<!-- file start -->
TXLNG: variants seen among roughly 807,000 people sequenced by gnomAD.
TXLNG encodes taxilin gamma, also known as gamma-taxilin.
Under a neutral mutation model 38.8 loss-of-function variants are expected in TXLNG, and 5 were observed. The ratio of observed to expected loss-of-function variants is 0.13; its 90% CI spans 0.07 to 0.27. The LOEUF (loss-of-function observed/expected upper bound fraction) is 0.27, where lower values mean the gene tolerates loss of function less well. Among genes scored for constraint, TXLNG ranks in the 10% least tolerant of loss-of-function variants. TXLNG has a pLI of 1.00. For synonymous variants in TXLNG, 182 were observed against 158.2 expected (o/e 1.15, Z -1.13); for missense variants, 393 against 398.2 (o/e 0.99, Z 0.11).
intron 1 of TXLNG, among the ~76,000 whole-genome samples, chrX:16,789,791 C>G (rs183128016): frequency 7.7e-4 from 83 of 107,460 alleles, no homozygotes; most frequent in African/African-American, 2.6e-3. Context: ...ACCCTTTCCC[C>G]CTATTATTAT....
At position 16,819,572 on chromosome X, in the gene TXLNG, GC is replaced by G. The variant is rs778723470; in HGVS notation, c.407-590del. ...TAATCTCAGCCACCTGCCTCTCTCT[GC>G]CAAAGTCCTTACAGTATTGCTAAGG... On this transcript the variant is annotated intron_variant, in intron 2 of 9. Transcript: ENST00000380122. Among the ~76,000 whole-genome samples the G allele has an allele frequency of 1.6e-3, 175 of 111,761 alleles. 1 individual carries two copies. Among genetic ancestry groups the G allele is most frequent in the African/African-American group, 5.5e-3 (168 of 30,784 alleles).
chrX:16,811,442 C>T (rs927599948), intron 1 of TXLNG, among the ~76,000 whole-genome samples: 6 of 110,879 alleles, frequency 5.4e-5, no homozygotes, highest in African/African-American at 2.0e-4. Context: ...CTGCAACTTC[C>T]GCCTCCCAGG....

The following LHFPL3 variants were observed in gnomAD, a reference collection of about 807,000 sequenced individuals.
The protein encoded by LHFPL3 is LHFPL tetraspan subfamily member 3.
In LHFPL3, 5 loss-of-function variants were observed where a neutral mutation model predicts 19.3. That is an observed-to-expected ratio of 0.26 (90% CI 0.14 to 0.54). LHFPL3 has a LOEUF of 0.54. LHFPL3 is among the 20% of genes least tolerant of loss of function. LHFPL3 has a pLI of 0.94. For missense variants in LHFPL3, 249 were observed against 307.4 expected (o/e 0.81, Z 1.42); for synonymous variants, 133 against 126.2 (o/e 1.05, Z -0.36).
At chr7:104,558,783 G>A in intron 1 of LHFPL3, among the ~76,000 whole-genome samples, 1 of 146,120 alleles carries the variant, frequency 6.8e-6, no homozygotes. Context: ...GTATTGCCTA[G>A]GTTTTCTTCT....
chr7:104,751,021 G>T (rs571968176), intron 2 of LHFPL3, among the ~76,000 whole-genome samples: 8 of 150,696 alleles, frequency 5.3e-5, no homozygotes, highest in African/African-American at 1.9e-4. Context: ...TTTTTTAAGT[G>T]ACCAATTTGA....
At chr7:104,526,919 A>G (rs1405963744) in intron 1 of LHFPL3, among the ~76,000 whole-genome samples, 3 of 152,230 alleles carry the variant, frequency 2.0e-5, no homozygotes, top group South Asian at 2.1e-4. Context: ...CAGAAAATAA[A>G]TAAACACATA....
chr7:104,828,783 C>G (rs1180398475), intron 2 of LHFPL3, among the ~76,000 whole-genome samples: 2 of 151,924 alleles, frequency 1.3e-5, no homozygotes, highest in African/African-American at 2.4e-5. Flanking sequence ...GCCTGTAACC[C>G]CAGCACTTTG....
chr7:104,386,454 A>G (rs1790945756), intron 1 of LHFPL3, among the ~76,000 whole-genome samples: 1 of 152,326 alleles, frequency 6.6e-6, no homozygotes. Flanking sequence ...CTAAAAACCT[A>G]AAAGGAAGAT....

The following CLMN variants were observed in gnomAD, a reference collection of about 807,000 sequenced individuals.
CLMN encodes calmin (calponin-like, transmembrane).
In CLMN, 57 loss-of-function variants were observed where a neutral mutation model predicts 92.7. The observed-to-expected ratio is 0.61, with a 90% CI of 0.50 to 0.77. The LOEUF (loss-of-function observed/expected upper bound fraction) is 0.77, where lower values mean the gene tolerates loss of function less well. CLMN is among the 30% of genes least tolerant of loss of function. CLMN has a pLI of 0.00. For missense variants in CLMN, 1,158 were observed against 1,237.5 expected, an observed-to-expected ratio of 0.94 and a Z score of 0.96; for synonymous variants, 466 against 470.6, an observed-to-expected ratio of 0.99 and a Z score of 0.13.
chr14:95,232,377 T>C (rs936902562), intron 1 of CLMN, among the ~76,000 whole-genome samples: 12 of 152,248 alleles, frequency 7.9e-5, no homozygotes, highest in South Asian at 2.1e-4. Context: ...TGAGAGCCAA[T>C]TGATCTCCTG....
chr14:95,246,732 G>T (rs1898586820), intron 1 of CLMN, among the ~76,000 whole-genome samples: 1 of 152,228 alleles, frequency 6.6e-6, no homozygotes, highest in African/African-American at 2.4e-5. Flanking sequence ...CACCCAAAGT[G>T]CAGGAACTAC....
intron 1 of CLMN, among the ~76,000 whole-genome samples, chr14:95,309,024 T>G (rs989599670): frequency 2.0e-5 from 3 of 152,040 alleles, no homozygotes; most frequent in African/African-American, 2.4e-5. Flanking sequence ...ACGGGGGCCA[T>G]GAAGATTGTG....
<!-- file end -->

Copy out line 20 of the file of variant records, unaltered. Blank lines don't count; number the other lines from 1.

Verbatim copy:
intron 1 of CLMN, among the ~76,000 whole-genome samples, chr14:95,309,024 T>G (rs989599670): frequency 2.0e-5 from 3 of 152,040 alleles, no homozygotes; most frequent in African/African-American, 2.4e-5. Flanking sequence ...ACGGGGGCCA[T>G]GAAGATTGTG....